And of all the things my mothers and my mothers’ mothers and their mothers alike passed down, it is not just the Blue Danube china hanging on my wall or the old buffet table below it that has transcended generations. Rather, it is their clear vows of love that have sustained future generations.

I suppose the family really is a proverbial tree — where the stability of the roots affect the whole big thing. For even the love of one single mother carries forward for generations.

“Everyone knows that a good mother gives her children a feeling of trust and stability. She is their earth. She is the one they can count on for the things that matter most of all. She is their food and their bed and the extra blanket when it grows cold in the night; she is their warmth and their health and their shelter; she is the one they want to be near when they cry. She is the only person in the whole world in a whole lifetime who can be these things to her children. There is no substitute for her. Somehow even her clothes feel different to her children’s hands from anybody else’s clothes. Only to touch her skirt or her sleeve makes a troubled child feel better.” – Katharine Butler Hathaway


To nourish

“A diet based on quantity rather than quality has ushered a new creature onto the world stage: the human being who manages to be both overfed and undernourished.” — Michael Pollan, In Defense of Food

When I read this quote a few weeks ago, that last word popped out at me and stuck. Well, the root of the word anyway:


It’s come up lately during conversations with good friends on brisk Spring evenings and has occurred to me in moments of reflection and prayer. Nourishment is, after all, what mothers do. It’s a step beyond nurturing — it is this very life-giving thing that is absolutely essential from the moment a new human sprouts in the warmth of our bodies.

And as I have spent time in thought while kneading bread or holding a child with scraped knees or bruised feelings, I am aware that there is such a difference between assuaging — simply satisfying a desire — and nourishing.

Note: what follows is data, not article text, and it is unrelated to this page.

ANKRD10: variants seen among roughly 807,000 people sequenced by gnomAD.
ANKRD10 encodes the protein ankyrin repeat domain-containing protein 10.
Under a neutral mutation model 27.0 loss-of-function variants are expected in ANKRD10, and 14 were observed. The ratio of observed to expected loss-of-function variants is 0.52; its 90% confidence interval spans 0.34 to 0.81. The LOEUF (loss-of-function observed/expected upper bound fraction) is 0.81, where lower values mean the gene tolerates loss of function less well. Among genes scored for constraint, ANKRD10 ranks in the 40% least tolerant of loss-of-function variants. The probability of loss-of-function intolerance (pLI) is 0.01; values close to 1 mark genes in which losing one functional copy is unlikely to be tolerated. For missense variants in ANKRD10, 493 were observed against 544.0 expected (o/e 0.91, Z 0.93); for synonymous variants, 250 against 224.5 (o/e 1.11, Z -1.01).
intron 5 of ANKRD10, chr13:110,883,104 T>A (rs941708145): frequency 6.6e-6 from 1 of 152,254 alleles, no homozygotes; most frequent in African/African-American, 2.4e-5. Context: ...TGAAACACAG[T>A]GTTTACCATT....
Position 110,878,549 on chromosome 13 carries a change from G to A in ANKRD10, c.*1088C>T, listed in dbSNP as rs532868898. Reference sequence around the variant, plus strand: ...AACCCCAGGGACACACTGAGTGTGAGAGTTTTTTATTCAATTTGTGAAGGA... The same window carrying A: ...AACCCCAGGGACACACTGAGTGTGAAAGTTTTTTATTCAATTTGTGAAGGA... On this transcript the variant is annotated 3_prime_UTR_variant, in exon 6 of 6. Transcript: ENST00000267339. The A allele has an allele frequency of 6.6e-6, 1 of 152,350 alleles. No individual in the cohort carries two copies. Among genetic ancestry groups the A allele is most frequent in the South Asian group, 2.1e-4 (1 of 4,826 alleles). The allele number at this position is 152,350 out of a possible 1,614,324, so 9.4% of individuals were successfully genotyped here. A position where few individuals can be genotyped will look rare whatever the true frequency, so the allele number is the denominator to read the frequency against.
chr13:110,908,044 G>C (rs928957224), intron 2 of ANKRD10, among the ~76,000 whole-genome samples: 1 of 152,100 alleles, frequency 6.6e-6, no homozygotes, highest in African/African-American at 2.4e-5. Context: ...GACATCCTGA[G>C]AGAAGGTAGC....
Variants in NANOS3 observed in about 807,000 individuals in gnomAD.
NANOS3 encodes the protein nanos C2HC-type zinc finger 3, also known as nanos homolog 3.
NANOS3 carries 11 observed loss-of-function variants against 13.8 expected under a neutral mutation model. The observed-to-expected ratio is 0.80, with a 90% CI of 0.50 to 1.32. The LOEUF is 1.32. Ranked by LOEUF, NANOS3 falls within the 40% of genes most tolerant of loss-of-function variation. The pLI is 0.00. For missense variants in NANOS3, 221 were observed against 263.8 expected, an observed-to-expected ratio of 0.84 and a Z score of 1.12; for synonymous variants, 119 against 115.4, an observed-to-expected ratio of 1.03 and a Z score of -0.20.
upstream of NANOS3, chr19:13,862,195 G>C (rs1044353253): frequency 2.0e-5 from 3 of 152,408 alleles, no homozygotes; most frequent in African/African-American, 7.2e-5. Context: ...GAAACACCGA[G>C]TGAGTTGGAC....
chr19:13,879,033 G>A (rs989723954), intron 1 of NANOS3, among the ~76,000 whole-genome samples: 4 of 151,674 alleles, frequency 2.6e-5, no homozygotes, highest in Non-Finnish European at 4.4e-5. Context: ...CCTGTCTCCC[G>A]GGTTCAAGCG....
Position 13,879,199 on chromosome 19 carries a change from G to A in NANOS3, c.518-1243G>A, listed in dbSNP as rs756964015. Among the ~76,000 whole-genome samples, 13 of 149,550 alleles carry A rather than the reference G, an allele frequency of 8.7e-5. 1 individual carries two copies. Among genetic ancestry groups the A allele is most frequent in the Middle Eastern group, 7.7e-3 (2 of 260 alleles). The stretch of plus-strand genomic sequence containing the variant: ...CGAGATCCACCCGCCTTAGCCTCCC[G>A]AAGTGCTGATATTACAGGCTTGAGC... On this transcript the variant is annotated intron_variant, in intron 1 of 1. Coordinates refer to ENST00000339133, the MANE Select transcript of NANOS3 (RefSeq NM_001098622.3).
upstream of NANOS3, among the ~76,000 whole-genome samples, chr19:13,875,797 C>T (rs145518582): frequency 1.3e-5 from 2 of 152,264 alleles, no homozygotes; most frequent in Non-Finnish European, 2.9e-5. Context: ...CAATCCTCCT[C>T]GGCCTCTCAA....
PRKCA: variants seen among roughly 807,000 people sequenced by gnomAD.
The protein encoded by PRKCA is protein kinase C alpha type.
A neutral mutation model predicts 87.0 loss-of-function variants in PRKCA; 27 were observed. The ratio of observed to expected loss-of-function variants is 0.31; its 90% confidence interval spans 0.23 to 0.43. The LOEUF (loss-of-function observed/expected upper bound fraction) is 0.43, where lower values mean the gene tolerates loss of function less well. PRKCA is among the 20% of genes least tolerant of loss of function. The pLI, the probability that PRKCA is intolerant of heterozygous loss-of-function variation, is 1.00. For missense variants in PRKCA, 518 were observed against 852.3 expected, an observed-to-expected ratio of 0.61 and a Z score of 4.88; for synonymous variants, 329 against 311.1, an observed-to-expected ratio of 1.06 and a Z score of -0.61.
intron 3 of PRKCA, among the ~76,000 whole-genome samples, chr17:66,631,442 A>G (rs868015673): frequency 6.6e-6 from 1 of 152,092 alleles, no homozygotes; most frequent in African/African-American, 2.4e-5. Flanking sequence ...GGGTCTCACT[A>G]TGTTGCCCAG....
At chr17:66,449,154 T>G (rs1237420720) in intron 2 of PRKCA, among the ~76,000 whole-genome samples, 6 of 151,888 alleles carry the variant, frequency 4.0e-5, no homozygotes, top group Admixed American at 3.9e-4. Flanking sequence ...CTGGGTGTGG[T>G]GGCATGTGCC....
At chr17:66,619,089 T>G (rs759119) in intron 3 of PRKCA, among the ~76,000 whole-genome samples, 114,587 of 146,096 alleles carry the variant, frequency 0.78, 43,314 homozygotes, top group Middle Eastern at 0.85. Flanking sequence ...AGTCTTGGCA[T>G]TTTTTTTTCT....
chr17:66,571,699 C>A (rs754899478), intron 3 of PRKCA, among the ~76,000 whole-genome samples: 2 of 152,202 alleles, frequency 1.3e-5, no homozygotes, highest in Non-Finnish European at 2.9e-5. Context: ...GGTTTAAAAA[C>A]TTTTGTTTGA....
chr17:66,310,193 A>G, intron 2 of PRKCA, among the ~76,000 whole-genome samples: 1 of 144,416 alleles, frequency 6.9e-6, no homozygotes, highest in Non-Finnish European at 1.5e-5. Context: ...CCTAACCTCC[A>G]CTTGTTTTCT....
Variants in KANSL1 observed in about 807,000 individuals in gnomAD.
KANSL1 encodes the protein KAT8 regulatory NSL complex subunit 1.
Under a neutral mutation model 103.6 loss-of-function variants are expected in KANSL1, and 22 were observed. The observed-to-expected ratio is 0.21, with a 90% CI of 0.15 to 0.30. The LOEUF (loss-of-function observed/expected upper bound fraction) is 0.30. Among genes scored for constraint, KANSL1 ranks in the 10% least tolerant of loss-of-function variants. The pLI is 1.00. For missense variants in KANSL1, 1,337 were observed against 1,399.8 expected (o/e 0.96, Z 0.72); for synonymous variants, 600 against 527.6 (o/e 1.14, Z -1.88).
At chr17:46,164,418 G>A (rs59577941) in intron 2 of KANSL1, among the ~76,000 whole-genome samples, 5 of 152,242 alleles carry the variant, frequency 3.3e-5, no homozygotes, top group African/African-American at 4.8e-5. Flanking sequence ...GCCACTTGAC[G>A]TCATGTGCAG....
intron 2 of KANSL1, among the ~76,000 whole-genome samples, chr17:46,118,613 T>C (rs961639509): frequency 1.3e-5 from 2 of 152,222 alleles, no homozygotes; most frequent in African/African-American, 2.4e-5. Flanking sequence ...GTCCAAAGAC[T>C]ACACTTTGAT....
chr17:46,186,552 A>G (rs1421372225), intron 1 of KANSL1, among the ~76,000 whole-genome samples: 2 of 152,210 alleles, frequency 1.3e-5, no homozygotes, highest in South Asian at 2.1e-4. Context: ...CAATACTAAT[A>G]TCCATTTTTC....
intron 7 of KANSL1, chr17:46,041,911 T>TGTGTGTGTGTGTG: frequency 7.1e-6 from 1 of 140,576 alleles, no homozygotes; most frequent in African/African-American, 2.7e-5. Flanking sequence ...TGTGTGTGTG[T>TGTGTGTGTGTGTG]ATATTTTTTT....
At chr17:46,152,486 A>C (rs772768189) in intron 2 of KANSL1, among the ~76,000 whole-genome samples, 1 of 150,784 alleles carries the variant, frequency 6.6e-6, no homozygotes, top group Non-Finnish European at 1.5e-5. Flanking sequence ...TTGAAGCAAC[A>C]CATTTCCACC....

Michael Pollan is writing about being overfed and undernourished on something as base as food, but a friend recently shared that she felt similarly about interacting online, unfulfilled by her plethora of cyber relationships. I had another recent conversation with a woman who felt the same about her romantic past — she had many lovers, yet never felt fulfilled. Overfed, undernourished.

I have felt similarly at times — busy working, pulled in a million directions, not sure which of the paths forward to take. But I have decided in recent months and days and hours that the best path is always the most nourishing.

It’s not always the most easy or convenient path (was it Roosevelt that said nothing in the world is worth doing unless it means a little effort?) but it is the path that fills the soul with peace. As illustrated in one of my favorite scriptures:

“They will be like a tree planted by the water that sends out its roots by the stream. It does not fear when heat comes; its leaves are always green. It has no worries in a year of drought and never fails to bear fruit.”

I was also reminded of the sentiment while reading the book French Kids Eat Everything. Author Karen Le Billon writes about a ubiquitous French word that intrigued her while she researched the psychology of French food: aliment.

Aliment, it turns out, doesn’t translate directly into English. Both aliment and nourriture are translated as “food,” but these two words do not have the same meaning in French. Nourriture is the easy one to define, as it corresponds to the English meaning for food: something you ingest. But aliment is more complicated.